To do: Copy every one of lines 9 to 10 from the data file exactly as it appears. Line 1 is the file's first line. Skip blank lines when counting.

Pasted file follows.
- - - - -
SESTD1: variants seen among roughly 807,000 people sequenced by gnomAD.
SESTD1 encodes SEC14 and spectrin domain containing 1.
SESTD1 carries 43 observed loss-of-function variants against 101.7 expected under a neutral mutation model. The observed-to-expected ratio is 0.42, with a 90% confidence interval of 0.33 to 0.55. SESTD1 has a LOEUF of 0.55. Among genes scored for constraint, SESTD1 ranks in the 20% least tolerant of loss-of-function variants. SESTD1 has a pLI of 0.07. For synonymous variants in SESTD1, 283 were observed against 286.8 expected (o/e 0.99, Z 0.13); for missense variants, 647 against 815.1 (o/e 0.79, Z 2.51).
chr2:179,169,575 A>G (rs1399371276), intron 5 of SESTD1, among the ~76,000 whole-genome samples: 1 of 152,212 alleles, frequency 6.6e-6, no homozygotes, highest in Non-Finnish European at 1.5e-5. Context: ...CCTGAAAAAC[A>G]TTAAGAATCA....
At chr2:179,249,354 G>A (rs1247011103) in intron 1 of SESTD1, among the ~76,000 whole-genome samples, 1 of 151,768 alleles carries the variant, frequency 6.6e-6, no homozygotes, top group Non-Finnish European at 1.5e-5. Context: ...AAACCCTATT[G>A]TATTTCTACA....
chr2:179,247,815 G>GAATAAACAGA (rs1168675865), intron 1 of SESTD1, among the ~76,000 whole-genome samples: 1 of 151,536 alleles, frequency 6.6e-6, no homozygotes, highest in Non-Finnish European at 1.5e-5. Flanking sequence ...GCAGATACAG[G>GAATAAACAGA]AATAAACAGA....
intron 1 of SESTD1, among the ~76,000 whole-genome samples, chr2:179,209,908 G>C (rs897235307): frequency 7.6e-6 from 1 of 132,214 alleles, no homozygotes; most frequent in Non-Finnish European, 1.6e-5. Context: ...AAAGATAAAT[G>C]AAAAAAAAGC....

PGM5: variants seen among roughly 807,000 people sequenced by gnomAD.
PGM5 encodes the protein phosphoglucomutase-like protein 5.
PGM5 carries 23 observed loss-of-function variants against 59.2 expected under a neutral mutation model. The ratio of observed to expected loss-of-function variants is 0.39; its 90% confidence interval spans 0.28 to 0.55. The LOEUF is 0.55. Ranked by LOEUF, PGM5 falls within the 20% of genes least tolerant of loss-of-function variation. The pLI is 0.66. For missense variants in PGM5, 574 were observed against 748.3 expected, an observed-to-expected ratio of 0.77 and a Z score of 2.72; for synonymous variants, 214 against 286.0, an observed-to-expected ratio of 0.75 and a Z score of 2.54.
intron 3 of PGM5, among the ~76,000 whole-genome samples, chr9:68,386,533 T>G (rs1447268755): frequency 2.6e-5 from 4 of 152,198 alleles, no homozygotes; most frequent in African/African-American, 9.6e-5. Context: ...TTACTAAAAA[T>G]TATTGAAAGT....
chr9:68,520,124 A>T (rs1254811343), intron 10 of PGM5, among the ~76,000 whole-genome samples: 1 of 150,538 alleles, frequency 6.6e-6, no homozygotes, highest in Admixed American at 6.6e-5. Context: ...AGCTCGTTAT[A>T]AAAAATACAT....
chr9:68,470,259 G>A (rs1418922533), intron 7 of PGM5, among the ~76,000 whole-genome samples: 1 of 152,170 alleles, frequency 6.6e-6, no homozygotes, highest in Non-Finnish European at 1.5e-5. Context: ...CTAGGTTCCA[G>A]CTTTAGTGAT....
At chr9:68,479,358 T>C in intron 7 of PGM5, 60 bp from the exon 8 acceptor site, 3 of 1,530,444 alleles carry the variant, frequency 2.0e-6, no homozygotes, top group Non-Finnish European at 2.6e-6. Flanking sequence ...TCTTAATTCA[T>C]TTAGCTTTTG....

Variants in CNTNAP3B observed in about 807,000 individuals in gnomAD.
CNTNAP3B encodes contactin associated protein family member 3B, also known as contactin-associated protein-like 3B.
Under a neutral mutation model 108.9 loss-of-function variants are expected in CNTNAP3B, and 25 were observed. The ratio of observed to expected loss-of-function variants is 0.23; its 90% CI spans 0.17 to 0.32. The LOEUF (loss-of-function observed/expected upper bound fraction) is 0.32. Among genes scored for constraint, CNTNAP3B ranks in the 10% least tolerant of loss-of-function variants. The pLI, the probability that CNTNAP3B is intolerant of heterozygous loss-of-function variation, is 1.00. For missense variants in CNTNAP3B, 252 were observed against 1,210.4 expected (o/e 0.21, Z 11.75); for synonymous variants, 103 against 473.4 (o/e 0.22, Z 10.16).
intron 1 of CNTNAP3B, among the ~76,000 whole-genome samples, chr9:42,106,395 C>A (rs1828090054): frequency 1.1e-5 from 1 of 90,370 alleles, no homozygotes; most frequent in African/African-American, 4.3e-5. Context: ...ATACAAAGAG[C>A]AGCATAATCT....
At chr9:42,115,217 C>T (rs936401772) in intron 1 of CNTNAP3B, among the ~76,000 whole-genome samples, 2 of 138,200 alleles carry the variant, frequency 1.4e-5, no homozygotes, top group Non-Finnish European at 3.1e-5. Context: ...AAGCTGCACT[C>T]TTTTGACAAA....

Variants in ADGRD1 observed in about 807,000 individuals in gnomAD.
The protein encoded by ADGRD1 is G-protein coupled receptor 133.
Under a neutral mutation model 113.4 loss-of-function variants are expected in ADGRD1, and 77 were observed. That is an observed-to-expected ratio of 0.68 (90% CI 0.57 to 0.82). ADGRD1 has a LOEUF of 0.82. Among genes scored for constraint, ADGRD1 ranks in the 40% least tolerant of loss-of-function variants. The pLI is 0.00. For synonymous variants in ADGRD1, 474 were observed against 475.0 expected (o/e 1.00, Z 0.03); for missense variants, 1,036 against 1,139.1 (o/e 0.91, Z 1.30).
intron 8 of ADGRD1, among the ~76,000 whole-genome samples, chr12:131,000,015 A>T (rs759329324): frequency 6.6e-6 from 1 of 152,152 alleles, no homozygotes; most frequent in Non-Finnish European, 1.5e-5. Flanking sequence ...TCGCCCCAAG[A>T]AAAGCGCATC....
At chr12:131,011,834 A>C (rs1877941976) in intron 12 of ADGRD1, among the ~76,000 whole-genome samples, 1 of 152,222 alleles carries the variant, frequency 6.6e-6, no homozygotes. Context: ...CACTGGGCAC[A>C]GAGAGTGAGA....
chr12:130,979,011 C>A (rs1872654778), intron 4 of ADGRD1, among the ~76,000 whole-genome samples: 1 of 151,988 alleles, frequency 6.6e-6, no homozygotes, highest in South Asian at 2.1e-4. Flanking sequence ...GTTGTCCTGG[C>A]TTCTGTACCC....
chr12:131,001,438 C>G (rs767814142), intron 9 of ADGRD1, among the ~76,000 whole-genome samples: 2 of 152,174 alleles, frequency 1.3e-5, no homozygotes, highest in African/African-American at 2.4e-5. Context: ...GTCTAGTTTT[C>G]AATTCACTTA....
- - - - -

PGM5 encodes the protein phosphoglucomutase-like protein 5.
PGM5 carries 23 observed loss-of-function variants against 59.2 expected under a neutral mutation model. The ratio of observed to expected loss-of-function variants is 0.39; its 90% confidence interval spans 0.28 to 0.55. The LOEUF is 0.55. Ranked by LOEUF, PGM5 falls within the 20% of genes least tolerant of loss-of-function variation. The pLI is 0.66. For missense variants in PGM5, 574 were observed against 748.3 expected, an observed-to-expected ratio of 0.77 and a Z score of 2.72; for synonymous variants, 214 against 286.0, an observed-to-expected ratio of 0.75 and a Z score of 2.54.